Having studied human anatomy, nothing disgusts me more than watching one of those dumb ab machine infomercials make promises that their product will give a person a flat stomach. A lying abdominal machine will not give you a flat stomach, a seated abdominal machine will not give you a flat stomach and 1,000 crunches per day will not give you a flat stomach.
It's not my opinion. It's based on human anatomy. I'm not suggesting that crunches or intense abdominal work isn't important! It's absolutely vital for athletic performance and core strength, but make no mistake about it, traditional ab exercises will not give you a flat stomach.
I want to provide effective exercises to give you a flat stomach.
First, we need a brief anatomy lesson. I won’t make this long or boring, but stay with me on this. If you understand this information, you’ll be light years ahead of the pack and will laugh out loud when you see the next "latest and greatest" ab machine that promises to flatten your stomach.
The abdominals are composed of four major muscles: the rectus abdominis, the transversus abdominis and the internal and external oblique. Let’s take a brief look at each.
RECTUS ABDOMINIS -- This is the infamous but improperly named "six-pack." It’s actually an "eight-pack." It’s a long, thin muscle that runs vertically down the body from the breastbone and fifth, sixth and seventh ribs to the top of the pubic bone. Worked efficiently and with supportive nutrition, it can help create the much desired "ripples" that poke out detailing the "eight-pack." However, it can't create a flat stomach. The muscle fibers simply run the wrong way for that to happen.
TRANSVERUS ABDOMINIS -- The transversus muscle holds your gut tight and flat. It’s a thin sheet of muscle running along the sides of the abs, which joins connective tissue behind it. Its fibers run across the stomach, join into the rear area of the abs and wrap around the sides of the body. It attaches along the rib cage and into the back muscles. It's your body’s natural corset! When you suck your gut in, you have just used your transversus. This is the only muscle that can help create a flat midsection!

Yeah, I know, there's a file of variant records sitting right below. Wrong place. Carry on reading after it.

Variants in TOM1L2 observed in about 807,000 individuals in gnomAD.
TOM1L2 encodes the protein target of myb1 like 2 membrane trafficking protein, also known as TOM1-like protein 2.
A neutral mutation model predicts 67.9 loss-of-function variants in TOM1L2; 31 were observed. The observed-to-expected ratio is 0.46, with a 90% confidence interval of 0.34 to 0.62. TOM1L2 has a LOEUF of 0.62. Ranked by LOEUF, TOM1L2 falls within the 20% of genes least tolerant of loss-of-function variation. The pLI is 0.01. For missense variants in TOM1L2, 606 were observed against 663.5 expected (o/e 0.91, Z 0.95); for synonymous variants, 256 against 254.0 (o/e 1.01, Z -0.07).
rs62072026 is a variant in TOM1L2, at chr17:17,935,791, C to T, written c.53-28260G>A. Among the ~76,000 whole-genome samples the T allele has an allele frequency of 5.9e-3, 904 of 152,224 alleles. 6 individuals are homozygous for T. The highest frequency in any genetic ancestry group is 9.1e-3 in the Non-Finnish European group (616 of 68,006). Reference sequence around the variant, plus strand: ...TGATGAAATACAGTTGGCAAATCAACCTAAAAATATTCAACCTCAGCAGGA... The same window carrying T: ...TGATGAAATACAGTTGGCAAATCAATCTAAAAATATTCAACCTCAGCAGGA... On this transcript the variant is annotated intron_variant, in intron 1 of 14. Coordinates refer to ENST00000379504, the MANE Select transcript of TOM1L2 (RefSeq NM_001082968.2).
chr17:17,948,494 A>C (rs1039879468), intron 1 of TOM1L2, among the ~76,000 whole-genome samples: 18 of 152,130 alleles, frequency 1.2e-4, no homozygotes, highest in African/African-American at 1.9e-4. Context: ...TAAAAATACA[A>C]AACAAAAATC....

INTERNAL and EXTERNAL OBLIQUES -- The internal obliques are diagonal fibers that fan out from the pelvis and ribs to the rear of the "eight-pack." They provide a layer of support over the transversus. The external obliques, also referred to as the "love handles," are composed of fibers that run from the front of the pelvis and "eight-pack" back to the ribs.
TWO GREAT EXERCISES FOR FLATTENING THE STOMACH
By this point, you know I’m going to focus only on the transversus. Don’t forget, you have to work all four areas of the abdominals for maximum effectiveness and core stability. But my focus is only about how to get a flat midsection.
The following exercises are the most efficient for flattening. They may seem unorthodox to the novice, but highly effective. Practice these exercises three to four days per week and perform two to three sets of each.
1. ABDOMINAL VACUUM ON ALL FOURS -- Position the heel of your hands under your shoulders and the knees directly under your hips. Keep your spine in a neutral position and maintain this position throughout the contraction.
Start by exhaling all the air from your lungs. Then, relax your abdomen and let it hang like a loose sling, but don't increase the arch in your lower back. Next, pull the belly button up and in toward the spine, without motion at the rib cage or pelvis.
If your pelvis or rib cage moves, you aren't isolating the transversus. It helps to watch yourself in a mirror and have someone put a hand under the belly button. Let your belly relax onto the person's hand and then contract and pull your belly off the hand. Try to hold the contraction for at least 20 seconds. If you can't do this contraction correctly, you are either weak in your transversus abdominis or your other abdominals may be dominant.
2. ABDOMINAL VACUUM -- This is a lot like the exercise above, but you're just sitting up straight. In a seated position, exhale all the air from your lungs. After completely exhaling, pull the abdomen inward and hold for 20-30 seconds. Continue to breathe lightly through your nostrils, but make sure you are pulling your abs in as if you are attempting to make your abs and back touch. You may find this one a little easier than #1 due to the positioning.
If performed with consistency, these exercises, added to your regular abs workout, will yield outstanding results. Within three to four weeks, you'll find your abs pulling in and feeling tighter. Just remember to supplement it with a healthy nutrition, weight training and cardio program.
Glen says: Please consult your physician before starting any exercise program